Monthly Archives: July 2009

The Photographer: Into War–Torn Afghanistan with Doctors without Borders

The Photographerby Emmanuel Guibert, Didier LeFevre, Frederic Lemercier

The Photographer: Into War–Torn Afghanistan with Doctors without Borders (First Second Books, 2009) is the story of photojournalist Didier LeFevre’s first assignment: to accompany a team of Medecins sans Frontieres (Doctors without Borders) who were traveling through Pakistan to Afghanistan in 1986, during the long bloody conflict between the invading Soviet Union troops and the Taliban. The book is a collaboration between artist Emmanuel Guibert and LeFevre, assembled by graphic designer Frederic Lemercier. The pictures include both LeFevre’s original contact sheets (it’s interesting to note that contact sheets of photos are not unlike strips of comics) and Guibert’s drawings, while the text is reconstructed from discussions Guibert and LeFevre had about the journey. (LeFevre’s journals, mentioned in the book, were lost years before.) The result is a powerful reading and viewing experience. It’s a good example of how the graphic novel format can work elegantly for nonfiction; it’s also a good example of how inadequate the term “graphic novel” is for a work that make equal use of text and illustrations. And the decision to do this as a graphic novel, however inadequate the phrase is, was exactly right, because we need both the visuals and the text to fully grasp the experiences LeFevre and the MSF team underwent. It began in Peshawar and ended, three months later, in Afghanistan. Just getting to their destination involved plenty of danger; it required many pack animals and forty armed guards. Straying off the path was not encouraged, as landmines were prevalent; and there was always the fear of snipers or of being attacked by roving soldiers of either side. Their destination was a small village in northern Afghanistan, where they set up a clinic to treat the men, women, and children who were the collateral damage in a brutal war. When the team was returning back to their home base in Pakistan, LeFevre made an unwise choice to travel back to Pakistan by himself – a decision that nearly got him killed. Reading The Photographer is a stunning, unforgettable experience: you somehow emerge from your time spent in Pakistan and Afghanistan with Didier and the members of MSF a better, more humane individual.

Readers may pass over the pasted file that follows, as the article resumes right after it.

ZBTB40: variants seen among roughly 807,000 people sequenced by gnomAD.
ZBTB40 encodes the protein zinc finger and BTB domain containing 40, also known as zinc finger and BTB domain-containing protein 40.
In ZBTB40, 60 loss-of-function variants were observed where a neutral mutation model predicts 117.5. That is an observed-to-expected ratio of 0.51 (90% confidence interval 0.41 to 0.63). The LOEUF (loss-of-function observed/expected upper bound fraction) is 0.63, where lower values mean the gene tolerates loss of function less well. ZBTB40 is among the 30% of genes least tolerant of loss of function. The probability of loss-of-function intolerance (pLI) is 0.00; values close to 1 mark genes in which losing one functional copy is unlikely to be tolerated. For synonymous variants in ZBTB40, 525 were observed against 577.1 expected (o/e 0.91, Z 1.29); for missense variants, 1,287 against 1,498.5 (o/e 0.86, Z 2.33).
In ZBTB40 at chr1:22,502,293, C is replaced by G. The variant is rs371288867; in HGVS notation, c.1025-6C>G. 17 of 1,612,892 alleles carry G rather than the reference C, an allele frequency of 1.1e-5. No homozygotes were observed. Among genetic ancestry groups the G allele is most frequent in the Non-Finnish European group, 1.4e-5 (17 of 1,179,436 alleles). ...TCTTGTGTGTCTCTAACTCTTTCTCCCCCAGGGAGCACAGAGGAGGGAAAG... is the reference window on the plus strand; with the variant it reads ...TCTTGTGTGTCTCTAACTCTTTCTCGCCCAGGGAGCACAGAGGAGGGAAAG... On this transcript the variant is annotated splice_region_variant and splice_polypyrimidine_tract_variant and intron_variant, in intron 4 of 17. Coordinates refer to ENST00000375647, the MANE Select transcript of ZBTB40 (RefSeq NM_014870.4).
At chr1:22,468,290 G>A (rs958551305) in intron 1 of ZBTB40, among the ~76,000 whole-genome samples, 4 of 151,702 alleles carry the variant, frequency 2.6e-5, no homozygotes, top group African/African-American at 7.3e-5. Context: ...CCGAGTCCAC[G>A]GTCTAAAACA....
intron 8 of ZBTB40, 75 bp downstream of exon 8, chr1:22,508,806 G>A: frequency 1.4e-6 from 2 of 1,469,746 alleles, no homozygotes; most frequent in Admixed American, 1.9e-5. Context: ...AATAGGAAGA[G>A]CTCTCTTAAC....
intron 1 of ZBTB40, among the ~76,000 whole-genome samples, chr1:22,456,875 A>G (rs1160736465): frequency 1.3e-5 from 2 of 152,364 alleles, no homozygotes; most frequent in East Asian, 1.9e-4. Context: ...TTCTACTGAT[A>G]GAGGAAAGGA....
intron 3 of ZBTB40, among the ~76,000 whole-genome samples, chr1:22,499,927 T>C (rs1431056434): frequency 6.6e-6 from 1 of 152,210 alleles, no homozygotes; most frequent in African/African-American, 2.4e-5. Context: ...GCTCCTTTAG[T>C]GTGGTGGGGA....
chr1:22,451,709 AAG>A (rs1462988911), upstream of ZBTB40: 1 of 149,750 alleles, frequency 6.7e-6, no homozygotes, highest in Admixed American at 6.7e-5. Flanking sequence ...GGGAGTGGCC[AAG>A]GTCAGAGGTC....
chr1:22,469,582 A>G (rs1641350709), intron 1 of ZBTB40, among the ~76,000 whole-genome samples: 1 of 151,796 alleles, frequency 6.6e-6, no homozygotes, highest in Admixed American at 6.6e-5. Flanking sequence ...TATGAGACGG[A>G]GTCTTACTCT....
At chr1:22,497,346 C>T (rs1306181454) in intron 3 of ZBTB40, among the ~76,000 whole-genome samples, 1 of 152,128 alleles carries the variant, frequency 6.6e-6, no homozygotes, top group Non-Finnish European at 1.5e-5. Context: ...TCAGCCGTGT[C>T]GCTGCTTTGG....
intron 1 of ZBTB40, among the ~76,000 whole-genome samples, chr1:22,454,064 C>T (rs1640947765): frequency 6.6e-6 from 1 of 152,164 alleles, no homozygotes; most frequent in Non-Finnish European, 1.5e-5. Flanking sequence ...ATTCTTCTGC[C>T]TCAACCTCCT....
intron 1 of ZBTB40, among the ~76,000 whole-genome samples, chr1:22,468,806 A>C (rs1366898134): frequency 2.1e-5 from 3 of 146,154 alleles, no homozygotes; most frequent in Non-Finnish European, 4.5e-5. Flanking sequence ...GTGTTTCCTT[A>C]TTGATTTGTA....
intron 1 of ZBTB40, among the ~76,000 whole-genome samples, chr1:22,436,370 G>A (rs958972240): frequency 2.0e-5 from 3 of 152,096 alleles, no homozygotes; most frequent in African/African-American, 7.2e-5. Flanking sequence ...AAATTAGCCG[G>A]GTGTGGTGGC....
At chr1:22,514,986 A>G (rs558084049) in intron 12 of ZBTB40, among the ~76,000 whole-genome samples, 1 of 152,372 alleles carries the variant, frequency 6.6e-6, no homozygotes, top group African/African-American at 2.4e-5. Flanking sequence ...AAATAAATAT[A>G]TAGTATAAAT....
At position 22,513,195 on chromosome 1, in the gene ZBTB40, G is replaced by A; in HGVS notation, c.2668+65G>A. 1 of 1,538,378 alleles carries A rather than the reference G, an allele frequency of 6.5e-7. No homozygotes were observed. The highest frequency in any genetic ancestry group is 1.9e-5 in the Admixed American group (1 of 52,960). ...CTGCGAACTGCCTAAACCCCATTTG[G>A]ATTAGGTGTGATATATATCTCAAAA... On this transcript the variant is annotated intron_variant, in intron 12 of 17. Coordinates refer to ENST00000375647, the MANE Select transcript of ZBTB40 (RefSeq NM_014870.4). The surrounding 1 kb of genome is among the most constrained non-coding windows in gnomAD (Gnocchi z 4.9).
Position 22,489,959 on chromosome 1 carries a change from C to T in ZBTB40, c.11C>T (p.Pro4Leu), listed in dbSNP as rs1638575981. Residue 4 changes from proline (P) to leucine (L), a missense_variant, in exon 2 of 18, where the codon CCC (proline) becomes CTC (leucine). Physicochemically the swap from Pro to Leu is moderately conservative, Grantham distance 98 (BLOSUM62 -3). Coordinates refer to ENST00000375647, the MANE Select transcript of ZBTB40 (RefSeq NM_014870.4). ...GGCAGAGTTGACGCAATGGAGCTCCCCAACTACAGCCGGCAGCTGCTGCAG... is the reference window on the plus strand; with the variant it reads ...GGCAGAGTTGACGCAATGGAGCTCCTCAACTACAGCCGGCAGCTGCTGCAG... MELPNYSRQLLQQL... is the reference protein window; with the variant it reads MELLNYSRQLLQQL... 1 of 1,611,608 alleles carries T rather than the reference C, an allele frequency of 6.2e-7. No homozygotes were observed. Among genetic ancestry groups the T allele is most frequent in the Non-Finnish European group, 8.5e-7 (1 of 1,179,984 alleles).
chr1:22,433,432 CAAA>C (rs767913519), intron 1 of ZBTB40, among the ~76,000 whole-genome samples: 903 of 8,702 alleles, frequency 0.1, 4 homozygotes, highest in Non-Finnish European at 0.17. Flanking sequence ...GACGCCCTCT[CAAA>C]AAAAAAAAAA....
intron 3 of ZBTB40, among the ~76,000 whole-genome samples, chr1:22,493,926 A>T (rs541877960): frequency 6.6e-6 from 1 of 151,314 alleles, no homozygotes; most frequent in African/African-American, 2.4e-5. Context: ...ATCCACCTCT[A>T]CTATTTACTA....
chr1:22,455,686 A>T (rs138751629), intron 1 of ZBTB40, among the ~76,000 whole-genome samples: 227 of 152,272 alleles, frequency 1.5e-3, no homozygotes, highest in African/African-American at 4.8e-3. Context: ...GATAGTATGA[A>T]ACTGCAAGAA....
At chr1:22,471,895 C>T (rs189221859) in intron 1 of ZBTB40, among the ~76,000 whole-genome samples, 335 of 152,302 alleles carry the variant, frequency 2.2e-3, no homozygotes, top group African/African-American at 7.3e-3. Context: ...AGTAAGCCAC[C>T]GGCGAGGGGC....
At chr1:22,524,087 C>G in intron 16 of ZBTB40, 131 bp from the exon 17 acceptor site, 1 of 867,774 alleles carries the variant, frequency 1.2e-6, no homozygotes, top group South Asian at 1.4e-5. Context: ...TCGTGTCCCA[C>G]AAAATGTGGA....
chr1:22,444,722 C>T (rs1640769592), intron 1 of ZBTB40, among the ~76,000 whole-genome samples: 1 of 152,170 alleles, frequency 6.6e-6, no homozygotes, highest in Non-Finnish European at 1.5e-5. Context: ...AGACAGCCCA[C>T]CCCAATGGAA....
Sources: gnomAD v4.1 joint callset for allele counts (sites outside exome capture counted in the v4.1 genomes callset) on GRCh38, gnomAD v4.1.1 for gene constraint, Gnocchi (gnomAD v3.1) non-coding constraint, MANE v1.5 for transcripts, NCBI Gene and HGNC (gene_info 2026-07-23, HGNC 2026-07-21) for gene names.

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A Kick in the Head: An Everyday Guide to Poetic Forms

Kick in the Head

by Paul B. Janeczko

Paul B. Janeczko’s  A Kick in the Head: An Everyday Guide to Poetic Forms (Candlewick, 2009) should be required reading for literature classes from elementary school through college. It’s the best way I know of to discover (and appreciate) the various forms of poetry, including, as it does, memorable examples and joyful – there’s no other word for it – illustrations by Chris Raschka. Janeczko covers 29 different forms of poetry, ranging from those likely to be familiar to most readers, such as couplets, haikus, sonnets, and quatrains, but also those less likely to have been encountered in casual reading, like concrete poetry, villanelles, the found poem, the pantoum, and more. The poets and and their works include a satisfyingly diverse mix of writers, both the famous and the unknown (at least to me). The former includes everyone from Ogden Nash (and his couplet “In the world of mules/There are no rules”), to William Blake (and his quatrain that begins “Tyger! Tyger! burning bright … “); as well as Edward Lear, followed by what I can only call an “anti–limerick” by Stephen Herrick on the opposite page; Gary Soto (an ode to a pair of sneakers); and an excerpt from one of Robert Service’s most famous ballads, “The Shooting of Dan McGrew.” Don’t miss the examples of epitaphs – I’m still smiling about the one for Pinocchio.